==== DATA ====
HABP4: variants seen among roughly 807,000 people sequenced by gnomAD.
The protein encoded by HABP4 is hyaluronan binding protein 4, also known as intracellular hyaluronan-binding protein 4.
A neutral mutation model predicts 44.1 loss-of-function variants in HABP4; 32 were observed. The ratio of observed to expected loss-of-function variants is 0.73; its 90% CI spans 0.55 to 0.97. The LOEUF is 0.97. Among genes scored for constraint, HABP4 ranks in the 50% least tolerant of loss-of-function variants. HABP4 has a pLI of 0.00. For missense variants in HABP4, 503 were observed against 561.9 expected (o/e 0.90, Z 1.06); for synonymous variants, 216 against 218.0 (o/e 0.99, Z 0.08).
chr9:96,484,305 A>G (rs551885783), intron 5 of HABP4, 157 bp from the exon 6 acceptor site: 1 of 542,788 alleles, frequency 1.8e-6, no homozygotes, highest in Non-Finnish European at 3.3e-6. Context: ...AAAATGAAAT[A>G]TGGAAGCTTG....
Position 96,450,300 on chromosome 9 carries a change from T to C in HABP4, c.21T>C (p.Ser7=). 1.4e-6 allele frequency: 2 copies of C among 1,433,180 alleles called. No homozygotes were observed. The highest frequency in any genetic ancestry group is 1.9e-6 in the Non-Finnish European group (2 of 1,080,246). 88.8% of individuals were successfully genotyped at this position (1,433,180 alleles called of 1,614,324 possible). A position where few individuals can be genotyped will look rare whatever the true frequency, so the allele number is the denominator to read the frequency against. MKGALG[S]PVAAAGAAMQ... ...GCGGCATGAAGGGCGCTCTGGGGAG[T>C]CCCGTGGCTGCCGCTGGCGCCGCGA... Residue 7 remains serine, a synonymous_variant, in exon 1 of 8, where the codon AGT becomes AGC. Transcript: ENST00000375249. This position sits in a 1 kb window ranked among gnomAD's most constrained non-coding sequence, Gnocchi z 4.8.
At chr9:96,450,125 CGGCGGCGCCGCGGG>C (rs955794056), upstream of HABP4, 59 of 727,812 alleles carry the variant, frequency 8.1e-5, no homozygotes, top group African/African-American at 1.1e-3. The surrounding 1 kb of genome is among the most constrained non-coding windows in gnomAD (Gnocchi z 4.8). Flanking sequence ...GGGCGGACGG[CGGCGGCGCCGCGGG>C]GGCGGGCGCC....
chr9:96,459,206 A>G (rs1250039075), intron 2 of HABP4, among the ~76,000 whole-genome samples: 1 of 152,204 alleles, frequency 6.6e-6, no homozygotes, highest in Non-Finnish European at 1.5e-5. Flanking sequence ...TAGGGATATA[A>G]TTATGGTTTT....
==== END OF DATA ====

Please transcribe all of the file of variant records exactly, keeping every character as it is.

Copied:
HABP4: variants seen among roughly 807,000 people sequenced by gnomAD.
The protein encoded by HABP4 is hyaluronan binding protein 4, also known as intracellular hyaluronan-binding protein 4.
A neutral mutation model predicts 44.1 loss-of-function variants in HABP4; 32 were observed. The ratio of observed to expected loss-of-function variants is 0.73; its 90% CI spans 0.55 to 0.97. The LOEUF is 0.97. Among genes scored for constraint, HABP4 ranks in the 50% least tolerant of loss-of-function variants. HABP4 has a pLI of 0.00. For missense variants in HABP4, 503 were observed against 561.9 expected (o/e 0.90, Z 1.06); for synonymous variants, 216 against 218.0 (o/e 0.99, Z 0.08).
chr9:96,484,305 A>G (rs551885783), intron 5 of HABP4, 157 bp from the exon 6 acceptor site: 1 of 542,788 alleles, frequency 1.8e-6, no homozygotes, highest in Non-Finnish European at 3.3e-6. Context: ...AAAATGAAAT[A>G]TGGAAGCTTG....
Position 96,450,300 on chromosome 9 carries a change from T to C in HABP4, c.21T>C (p.Ser7=). 1.4e-6 allele frequency: 2 copies of C among 1,433,180 alleles called. No homozygotes were observed. The highest frequency in any genetic ancestry group is 1.9e-6 in the Non-Finnish European group (2 of 1,080,246). 88.8% of individuals were successfully genotyped at this position (1,433,180 alleles called of 1,614,324 possible). A position where few individuals can be genotyped will look rare whatever the true frequency, so the allele number is the denominator to read the frequency against. MKGALG[S]PVAAAGAAMQ... ...GCGGCATGAAGGGCGCTCTGGGGAG[T>C]CCCGTGGCTGCCGCTGGCGCCGCGA... Residue 7 remains serine, a synonymous_variant, in exon 1 of 8, where the codon AGT becomes AGC. Transcript: ENST00000375249. This position sits in a 1 kb window ranked among gnomAD's most constrained non-coding sequence, Gnocchi z 4.8.
At chr9:96,450,125 CGGCGGCGCCGCGGG>C (rs955794056), upstream of HABP4, 59 of 727,812 alleles carry the variant, frequency 8.1e-5, no homozygotes, top group African/African-American at 1.1e-3. The surrounding 1 kb of genome is among the most constrained non-coding windows in gnomAD (Gnocchi z 4.8). Flanking sequence ...GGGCGGACGG[CGGCGGCGCCGCGGG>C]GGCGGGCGCC....
chr9:96,459,206 A>G (rs1250039075), intron 2 of HABP4, among the ~76,000 whole-genome samples: 1 of 152,204 alleles, frequency 6.6e-6, no homozygotes, highest in Non-Finnish European at 1.5e-5. Flanking sequence ...TAGGGATATA[A>G]TTATGGTTTT....